In Detail: Here’s How Philly Police Investigate Officer-Involved Shootings

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By Austin Nolen

Since Brandon Tate-Brown was shot and killed by a Philadelphia Police officer in December, people have been asking questions about the department’s internal investigation of the incident. These questions have only intensified recently as more but incomplete information began filtering out. In the absence of internal documents, however, many members of the public, including the author, have had to make educated guesses about the process, and sometimes we (and I) have gotten it wrong.

Now, for the first time, The Declaration is making the full internal policy guiding Philadelphia Police shootings and subsequent investigations publicly available on the internet. The document, Directive 10, was released to the author through a Right to Know request. Available at the bottom of this article, it answers, or helps to answer, many of the questions asked since the shooting – why were the police officers involved returned to duty before the investigation had fully finished? Did the officer who fired the shot give a statement?

The directive was updated in 2014 during the collaborative reform review process between the Department of Justice’s Office of Community-Oriented Policing Services (COPS) and the Department, and features, among other things, an increased focus on de-escalating situations to avoid use of deadly force.

1) Why were the officers returned to duty so quickly, and before the investigation finished?

The quick return of the officers involved to duty prompted a fresh wave of outrage when revealed, and according to journalist Chris Norris, Police Advisory Commission executive director Kelvyn Anderson said he “doesn’t understand why the officer who was involved in the shooting isn’t still on desk duty, given the case is still active.”

However, police policy does not in fact require officers to be off the street until an investigation is finished. As laid out in the directive, there are three steps in the internal investigation: first, Internal Affairs and other detectives gather evidence about the shooting, and it is during this first phase that they can recommend that officers be returned to duty. The second step is the completion of the report and its approval by the chain of command. Finally, the investigation is reviewed by the Use of Force Review Board, which makes the final determination about whether the shooting was justified under department procedure. It appears that the investigation is still in step one, pending a final decision by the District Attorney about criminal charges.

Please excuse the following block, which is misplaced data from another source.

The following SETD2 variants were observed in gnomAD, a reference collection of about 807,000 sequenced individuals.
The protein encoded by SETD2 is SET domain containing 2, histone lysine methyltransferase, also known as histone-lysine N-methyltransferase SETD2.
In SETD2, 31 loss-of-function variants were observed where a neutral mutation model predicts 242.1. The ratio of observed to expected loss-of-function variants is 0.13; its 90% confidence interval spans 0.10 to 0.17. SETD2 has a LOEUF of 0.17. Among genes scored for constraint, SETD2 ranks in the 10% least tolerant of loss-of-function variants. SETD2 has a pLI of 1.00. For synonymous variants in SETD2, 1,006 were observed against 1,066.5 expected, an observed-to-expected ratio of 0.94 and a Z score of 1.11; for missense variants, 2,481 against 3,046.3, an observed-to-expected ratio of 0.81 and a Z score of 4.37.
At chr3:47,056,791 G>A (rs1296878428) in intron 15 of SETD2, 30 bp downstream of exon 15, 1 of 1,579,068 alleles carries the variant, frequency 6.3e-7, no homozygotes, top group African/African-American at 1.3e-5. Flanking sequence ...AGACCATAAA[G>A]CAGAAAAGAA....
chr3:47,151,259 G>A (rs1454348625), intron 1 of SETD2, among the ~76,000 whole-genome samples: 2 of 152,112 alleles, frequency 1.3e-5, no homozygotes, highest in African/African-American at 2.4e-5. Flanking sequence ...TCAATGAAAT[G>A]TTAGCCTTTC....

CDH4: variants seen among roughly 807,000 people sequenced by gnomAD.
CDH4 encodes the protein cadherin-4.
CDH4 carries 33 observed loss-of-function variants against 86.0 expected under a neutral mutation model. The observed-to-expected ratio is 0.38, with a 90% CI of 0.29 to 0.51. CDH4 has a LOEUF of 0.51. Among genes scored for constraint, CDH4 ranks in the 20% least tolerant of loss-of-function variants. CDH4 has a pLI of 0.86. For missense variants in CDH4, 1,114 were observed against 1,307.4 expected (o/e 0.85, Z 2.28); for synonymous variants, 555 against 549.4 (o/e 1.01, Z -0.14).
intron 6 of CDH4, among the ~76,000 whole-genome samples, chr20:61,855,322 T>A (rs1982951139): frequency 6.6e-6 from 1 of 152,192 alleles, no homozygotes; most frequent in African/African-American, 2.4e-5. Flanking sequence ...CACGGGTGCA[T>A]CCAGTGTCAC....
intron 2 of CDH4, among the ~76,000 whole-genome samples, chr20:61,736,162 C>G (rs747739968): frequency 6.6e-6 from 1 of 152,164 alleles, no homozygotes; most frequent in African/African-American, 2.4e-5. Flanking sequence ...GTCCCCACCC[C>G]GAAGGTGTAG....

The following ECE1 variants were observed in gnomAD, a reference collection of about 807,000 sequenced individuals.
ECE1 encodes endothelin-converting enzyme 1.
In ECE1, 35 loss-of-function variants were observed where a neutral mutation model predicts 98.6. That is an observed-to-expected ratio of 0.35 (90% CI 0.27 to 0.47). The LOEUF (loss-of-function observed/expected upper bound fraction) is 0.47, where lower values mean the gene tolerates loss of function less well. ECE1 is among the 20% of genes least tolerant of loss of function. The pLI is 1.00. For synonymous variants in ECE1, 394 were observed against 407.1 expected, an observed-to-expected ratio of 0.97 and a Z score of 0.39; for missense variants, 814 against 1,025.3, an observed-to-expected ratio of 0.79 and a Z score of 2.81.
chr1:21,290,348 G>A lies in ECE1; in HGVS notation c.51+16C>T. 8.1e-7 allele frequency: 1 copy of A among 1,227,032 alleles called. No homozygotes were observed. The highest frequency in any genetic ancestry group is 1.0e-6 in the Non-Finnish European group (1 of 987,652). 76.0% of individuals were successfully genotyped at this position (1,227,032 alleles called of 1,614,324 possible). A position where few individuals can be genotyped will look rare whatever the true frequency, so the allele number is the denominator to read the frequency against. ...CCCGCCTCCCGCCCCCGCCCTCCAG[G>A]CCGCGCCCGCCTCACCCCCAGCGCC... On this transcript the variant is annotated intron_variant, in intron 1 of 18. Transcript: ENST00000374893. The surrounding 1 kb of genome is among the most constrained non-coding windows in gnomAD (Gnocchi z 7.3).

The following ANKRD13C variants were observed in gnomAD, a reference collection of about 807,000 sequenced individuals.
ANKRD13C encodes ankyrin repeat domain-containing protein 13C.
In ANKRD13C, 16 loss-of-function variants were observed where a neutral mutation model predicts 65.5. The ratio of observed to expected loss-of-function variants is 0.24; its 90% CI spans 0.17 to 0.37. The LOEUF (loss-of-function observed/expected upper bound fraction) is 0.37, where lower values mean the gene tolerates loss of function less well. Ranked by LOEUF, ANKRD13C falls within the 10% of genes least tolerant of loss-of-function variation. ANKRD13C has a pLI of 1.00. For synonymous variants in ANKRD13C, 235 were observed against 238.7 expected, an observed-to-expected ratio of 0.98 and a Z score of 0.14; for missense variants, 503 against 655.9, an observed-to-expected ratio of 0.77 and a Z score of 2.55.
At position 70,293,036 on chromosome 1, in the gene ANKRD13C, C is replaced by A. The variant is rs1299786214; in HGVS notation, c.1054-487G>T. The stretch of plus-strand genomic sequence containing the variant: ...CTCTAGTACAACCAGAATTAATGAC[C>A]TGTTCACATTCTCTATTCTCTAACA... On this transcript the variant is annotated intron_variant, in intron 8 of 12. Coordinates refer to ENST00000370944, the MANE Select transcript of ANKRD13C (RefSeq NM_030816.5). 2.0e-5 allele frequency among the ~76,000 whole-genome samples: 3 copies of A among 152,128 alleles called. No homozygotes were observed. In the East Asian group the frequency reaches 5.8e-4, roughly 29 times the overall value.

2) Has the officer who fired a shot given a statement?

There is conflicting information on this. On a single day several weeks ago, I was told by Police Public Affairs that the officer who shot Tate-Brown a) had given a statement, b) had given a very short statement and c) had given no statement, in that order. However, one or more people recently allowed to view the witness statements have apparently alleged that there is, in fact, a statement from the shooter. Today, police reiterated that there was no statement. The directive doesn’t help answer this directly, but by emphasizing that the officers are placed back on the street “as soon as possible” (in the words of the directive), it suggests that the cooperation of the shooting officer wasn’t a factor in his quick return duty, especially considering other department policies.

The Department doesn’t interview officers who fire shots until after a decision is made about whether they will face criminal charges. This is because, since a 1967 Supreme Court case Garrity v. State of New Jersey, public employees who are told to make a statement or be fired cannot have those statements used against them in a criminal prosecution. The Department of Justice’s Civil Rights Division (not necessarily known for their affinity for police) suggests that the best practice is not to compel a statement until criminal charges are declined, but to also permit officers to volunteer a statement – something Philadelphia does not appear to allow.

The document doesn’t answer all of the questions posed about the shooting. For instance, Brian Mildenberg, Esq., the lawyer for Tate-Brown’s mother, still maintains that video of the shooting contradicts the official police account, while the Police Advisory Commission has stated that the videos, from unhelpful angles and in poor quality, don’t contradict the police account or do much else to shed light on the matter. Still, if we want to understand the investigation, learning its framework is a basic first step.

More information on the process can also be found here and here.

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